Now if anyone can find something in the Regulations where it states a full EIC (whatever that is) should be issued, or anything that states the existing installation should be tested when making an addition or alteration. Please do so (I can save you some time, don’t bother because there’s nothing there).

    What would be appropriate to test, would be continuity of the Earth conductor (Ze).
    Prospective Fault Current.
    The operation and effectiveness of any RCDs installed as part of the work.
    And perhaps the continuity of any bonding conductors?

    I hear arguments sometimes, about changing the characteristics of a circuit, that by doing so, you would effectively installing a new circuit.
    Of course such arguments are rubbish and there’s nothing in the Regulations to support such an argument.
    Some people argue that the Zs of a circuit might not be low enough to operate the new protective device.
    That’s a good point, but surely in order to comply with the Regulations, you should have checked that before making the addition or alteration?

    If you’re changing from re-wireable fuses to MCBs or RCBOs, you will have to check the Zs on any existing circuits of 10A and less, because the maximum Zs for re-wireable fuses is higher than is allowed for MCBs and RCBOs.
    Anything above 10A, then the maximum Zs for re-wireable fuses Is lower than is allowed for MCBs or RCBOs.

    So to conclude, test before you change the CU, not after.
    On the EIC, only record details of circuits which could possibly affect the safety of the CU.
    Do not test existing circuits, as they are not part of the extent of the work covered by the EIC.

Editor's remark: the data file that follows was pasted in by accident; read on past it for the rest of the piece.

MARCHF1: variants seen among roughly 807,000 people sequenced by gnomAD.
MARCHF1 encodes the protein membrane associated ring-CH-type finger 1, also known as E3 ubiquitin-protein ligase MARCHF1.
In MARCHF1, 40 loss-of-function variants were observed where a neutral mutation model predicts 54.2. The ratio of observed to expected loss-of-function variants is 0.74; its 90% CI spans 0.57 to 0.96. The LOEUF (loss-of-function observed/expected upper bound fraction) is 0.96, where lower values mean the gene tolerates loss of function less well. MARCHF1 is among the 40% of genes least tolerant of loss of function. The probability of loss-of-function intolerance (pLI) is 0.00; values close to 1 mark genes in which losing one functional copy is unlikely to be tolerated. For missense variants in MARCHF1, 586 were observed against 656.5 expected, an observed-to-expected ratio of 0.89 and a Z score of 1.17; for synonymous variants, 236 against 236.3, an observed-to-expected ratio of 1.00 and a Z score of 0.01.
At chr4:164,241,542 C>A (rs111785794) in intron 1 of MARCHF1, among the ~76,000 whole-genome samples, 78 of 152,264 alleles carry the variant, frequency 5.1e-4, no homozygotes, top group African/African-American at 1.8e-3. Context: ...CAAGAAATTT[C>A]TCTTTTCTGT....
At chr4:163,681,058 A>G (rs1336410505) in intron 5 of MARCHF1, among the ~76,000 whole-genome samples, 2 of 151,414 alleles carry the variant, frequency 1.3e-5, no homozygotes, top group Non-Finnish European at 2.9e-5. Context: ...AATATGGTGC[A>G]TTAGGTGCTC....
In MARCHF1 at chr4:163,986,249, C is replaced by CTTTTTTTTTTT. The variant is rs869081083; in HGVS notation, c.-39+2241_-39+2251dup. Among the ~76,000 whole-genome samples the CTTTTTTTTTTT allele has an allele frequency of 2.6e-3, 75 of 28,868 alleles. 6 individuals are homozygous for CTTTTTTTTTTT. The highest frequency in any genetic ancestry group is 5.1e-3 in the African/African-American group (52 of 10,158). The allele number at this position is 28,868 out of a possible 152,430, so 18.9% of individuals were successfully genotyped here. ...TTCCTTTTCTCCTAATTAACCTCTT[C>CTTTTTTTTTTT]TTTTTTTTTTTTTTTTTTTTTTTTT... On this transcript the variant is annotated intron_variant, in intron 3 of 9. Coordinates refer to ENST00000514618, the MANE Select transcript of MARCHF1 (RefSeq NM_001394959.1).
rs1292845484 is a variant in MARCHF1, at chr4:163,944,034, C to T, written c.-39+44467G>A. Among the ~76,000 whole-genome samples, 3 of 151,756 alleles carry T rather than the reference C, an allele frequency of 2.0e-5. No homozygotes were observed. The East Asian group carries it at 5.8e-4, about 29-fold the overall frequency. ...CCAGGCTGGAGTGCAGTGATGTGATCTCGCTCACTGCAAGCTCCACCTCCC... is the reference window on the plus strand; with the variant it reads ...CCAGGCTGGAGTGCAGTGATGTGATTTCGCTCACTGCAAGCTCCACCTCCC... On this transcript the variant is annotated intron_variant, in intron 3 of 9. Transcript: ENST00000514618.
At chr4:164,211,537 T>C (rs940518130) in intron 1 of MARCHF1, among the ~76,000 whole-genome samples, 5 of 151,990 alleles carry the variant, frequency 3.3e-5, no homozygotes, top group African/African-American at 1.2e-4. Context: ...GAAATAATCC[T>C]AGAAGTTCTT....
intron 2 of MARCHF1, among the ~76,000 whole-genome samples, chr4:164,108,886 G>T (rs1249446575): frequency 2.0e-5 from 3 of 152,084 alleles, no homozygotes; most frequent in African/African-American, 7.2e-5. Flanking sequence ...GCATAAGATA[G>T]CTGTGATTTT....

Sparkielev likes this.
  13. Sparkielev

    Sparkielev Screwfix Select

    Whenever I do a board change I do basic tests before I start, check bonding if I see any issues then I inform the customer if they refuse to do any issues that is going to cause problems by fitting the new unit then it is pointless fitting the board, most agree
     
    MGW likes this.
  14. MGW

    MGW Screwfix Select

    I agree with @Sparkielev once the board is fitted it is a little late to say by the way your lights will not work until some one finds the borrowed neutral and corrects it. So some tests are required. However with an EICR we expect a reasonable number of sockets and switches to be removed and inspected, but all you need with a board change it to test items altered. So a fuse to BS 3036 to a curve B MCB yes OK need to measure the loop impedance, but replace one curve B with another curve B then simple insulation resistance is all that is required.

    So fitting a RCD either with a lower tripping current or when there was not one there before, should really put the clamp-on ammeter on the pair of live cables and measure the leakage, we know with a 30 mA RCD the limit is 9 mA, if over 9 mA the circuits need splitting until under 9 mA, OK we all know we should, hands up all those who do.

    All I have done is check the insulation resistance, which is a DC measurement so useless. I will hold up my hand and say no I never checked, why, well that's simple my clamp-on ammeter would not measure 9 mA. In non of the places I have worked have I ever had access to a clamp-on that will measure 9 mA.

    Yes loop impedance/prospective short circuit current, yes 500 volt DC insulation tester, yes RCD tester, but no clamp-on able to measure 9 mA. And when I took my C&G 2391 no one said I should. But since 2008 it has said I should divide the installation so as to
    "reduce the possibility of unwanted tripping of RCDs due to excessive protective conductor currents produced by equipment in normal operation"
    The only way I know if I have divided it into enough circuits is to measure the earth leakage, and the only test gear I have which would measure that is my PAT tester.

    So what I have done is use all RCBO consumer units, and no problems.

    What we hope is we don't get caught, and if we can't write down on a test certificate earth leakage 4 mA with no items in use, then do you want to fill out any form? I have seen people print out their own forms, if you don't have a meter to give you the ELI then design a form that does not ask for it.